I learned recently of worker exploitation in a Third World country I had never heard of before: “Florida.” It turns out that tomato pickers there earn sub-poverty wages, and have not received a significant raise in over 30 years. Worse, many workers are literally enslaved — and no, that is not hyperbole. The Justice Department has prosecuted seven cases of slavery in the Florida agricultural industry and freed more than 1,000 men and women since 1997, but the abuse continues. Growers have resorted to abductions, pistol whippings, confinement at gunpoint, debt bondage and starvation wages to control desperately poor workers.
About a year ago I learned of the horrendous working and living conditions in yet another Third World country called Louisiana:
My name is Ana Rosa Diaz. I’m 40 years old and I have four children. I came to the United States on an H-2B guestworker visa from my home in Tamaulipas, Mexico. I work in a small town in Louisiana with other guestworkers, peeling crawfish for a company called C.J.’s Seafood, which sells 85% of its products to Walmart.
Our boss forces us to work [VIDEO] up to 24 hours at a time with no overtime pay. No matter how fast we work, they scream and curse at us to make us work faster. Our supervisor threatens to beat us with a shovel to stop us from taking breaks.
We live in trailers across from the boss’s house, and we’re under surveillance all the time. The supervisors come into our trailers without warning, and they threaten to fire us if we leave after 9 p.m.
The supervisor also locked us in the plant so we couldn’t take breaks. One worker called 911. After that the boss rounded us up at 2:30 a.m., closed the door to keep the American employees out, and threatened our families.
He said, “As a friend I can be very good, but you don’t want to know me as an enemy. I have contacts with good people and bad people, and I know where all your families live. I can find you no matter where you hide.” We were terrified.
We want to work. We need to support our families. But we also want to be treated like human beings.
There is a reason why corporations bankroll politicians who will work to undermine unions and regulation at every turn: it is in their interest to see the U.S. workforce go back to living and working exactly the way Ms. Diaz does. It can only help the all-important bottom line. In places without strong labor unions, meaningful regulations or enforced worker protections the picture is always this ugly, or worse. For the vast majority of the world’s workers this is just life in the glorious “free market,” wherever and whenever employers can get away with it. Tempting as it may be to believe the bad old days are all in the past, this is the present for Ms. Diaz, for agricultural workers in Florida and for many others in the Land of the Free. It takes unrelenting vigilance and sustained pressure by labor activists and empowered regulators to protect worker rights, especially where the State is a de facto instrument of wealthy business interests. Well, at least until the body count rises and the riots get too large.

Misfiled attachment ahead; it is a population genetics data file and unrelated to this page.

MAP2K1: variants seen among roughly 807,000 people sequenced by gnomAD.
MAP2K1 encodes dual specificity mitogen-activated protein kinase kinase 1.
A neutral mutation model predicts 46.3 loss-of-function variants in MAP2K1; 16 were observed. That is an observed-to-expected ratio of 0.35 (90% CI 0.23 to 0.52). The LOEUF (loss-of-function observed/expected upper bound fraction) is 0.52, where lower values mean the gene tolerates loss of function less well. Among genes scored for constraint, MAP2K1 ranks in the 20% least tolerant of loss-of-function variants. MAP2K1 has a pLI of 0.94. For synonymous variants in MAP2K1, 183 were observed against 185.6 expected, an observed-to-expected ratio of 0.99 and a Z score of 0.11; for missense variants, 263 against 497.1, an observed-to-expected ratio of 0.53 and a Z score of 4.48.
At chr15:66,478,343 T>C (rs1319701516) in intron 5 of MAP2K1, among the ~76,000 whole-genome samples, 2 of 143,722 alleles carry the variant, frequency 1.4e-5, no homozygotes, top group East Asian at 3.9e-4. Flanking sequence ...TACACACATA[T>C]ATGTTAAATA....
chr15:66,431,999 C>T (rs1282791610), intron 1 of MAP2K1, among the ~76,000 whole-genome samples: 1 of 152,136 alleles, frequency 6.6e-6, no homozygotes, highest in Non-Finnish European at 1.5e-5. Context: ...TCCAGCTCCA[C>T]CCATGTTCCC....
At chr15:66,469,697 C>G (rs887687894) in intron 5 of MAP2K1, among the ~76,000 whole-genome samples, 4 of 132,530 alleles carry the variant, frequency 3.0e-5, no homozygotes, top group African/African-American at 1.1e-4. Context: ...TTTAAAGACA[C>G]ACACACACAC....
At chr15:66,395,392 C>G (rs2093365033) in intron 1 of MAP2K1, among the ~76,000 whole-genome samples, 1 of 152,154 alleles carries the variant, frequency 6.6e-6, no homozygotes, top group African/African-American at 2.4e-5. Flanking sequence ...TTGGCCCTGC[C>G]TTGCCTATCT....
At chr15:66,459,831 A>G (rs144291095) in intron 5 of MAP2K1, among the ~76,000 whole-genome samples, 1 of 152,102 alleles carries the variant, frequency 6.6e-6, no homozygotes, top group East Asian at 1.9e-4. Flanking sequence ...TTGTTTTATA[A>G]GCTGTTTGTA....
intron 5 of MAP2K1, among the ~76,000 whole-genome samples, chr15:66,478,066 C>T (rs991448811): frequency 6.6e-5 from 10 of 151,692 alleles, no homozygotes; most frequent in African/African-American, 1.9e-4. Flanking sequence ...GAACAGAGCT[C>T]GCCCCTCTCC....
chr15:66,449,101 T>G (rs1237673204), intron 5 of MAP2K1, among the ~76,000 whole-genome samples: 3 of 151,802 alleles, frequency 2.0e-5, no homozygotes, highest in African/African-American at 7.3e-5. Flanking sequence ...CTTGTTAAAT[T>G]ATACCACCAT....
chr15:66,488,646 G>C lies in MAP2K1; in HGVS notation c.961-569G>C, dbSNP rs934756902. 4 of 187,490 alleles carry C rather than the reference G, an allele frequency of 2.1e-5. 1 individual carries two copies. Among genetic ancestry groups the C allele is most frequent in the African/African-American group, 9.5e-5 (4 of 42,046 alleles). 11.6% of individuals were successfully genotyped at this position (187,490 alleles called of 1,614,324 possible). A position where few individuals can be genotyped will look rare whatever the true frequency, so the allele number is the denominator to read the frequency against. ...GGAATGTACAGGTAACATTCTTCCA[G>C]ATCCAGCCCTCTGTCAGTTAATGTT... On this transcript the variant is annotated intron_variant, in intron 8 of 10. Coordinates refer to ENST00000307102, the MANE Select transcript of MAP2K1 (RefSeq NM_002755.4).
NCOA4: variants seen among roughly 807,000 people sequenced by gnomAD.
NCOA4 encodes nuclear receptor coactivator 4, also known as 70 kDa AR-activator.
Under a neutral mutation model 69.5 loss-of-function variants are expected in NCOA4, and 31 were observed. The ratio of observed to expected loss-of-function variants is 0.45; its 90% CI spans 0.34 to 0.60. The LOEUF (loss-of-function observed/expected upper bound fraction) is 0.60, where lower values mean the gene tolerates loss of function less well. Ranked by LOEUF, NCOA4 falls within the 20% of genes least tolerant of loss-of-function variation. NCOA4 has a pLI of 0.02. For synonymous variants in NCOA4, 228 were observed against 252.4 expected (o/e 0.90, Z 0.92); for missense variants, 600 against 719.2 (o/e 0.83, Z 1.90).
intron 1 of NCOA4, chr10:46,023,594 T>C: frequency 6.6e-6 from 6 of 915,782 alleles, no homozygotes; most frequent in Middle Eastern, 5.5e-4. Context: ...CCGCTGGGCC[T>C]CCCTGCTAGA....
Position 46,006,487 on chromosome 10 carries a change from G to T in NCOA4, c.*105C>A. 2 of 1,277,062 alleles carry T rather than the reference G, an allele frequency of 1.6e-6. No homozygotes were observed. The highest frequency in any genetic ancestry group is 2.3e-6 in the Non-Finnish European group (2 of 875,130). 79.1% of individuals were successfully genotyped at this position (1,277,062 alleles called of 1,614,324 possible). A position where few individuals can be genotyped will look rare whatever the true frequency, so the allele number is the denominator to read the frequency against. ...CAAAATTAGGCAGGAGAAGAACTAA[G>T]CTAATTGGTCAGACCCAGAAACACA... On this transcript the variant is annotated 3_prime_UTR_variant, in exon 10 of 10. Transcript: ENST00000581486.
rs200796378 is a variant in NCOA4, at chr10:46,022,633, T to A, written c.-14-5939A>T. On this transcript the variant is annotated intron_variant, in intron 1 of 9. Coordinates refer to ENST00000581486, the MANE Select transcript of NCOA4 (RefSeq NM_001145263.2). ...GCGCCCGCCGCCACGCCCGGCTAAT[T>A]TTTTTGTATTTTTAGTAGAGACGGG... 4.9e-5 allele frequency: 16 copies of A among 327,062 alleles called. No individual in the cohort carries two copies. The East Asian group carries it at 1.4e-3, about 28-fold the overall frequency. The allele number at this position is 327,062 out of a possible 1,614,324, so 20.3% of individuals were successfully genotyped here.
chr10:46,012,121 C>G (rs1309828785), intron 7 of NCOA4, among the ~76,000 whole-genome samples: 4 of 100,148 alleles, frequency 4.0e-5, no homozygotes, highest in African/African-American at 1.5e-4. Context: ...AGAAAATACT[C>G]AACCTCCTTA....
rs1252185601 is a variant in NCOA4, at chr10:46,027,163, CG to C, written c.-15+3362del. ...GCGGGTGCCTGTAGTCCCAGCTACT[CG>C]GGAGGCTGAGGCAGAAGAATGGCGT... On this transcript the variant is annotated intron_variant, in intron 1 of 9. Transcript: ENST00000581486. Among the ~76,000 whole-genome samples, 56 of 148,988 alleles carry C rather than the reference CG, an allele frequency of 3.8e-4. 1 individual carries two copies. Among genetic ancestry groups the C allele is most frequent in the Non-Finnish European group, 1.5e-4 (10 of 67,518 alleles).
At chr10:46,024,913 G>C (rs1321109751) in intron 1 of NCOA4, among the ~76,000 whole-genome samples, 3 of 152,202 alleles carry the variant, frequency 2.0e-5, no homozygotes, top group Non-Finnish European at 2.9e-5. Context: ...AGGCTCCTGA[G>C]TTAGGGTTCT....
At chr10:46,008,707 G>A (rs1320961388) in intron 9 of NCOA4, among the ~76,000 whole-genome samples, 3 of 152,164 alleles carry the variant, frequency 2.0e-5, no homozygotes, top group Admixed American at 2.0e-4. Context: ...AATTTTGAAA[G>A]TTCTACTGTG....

One might also be tempted to blame the Republican Party for this state of affairs: after all, its track record on union-busting, massive tax breaks for wealthy corporations, deregulation, and blocking minimum wage increases speaks for itself. But at least Republicans are explicit about serving the interests of America’s Owners. It’s the treacherous New Democrats — economic conservatives serving exactly the same masters while feigning otherwise — who present the serious threat to our economic well-being. Those who bought into Barack Obama’s rhetoric in 2008 still refuse to see that they were wrong about him on matters as far ranging as unions, corporate servitude, U.S. imperialism, civil rights, transparency, warrantless wiretapping, even Iraq. Under the Bush-Cheney regime the same policies merited scathing condemnation from Democrats. Now? *crickets.* Welcome to bipartisan consensus.
No one should want to see the Triangle Shirtwaist Factory fire or the tragedy in Bangladesh repeated, anywhere. To economic conservatives who remain unmoved, I will just say this: it is well worth considering the implications of your position, for all of us.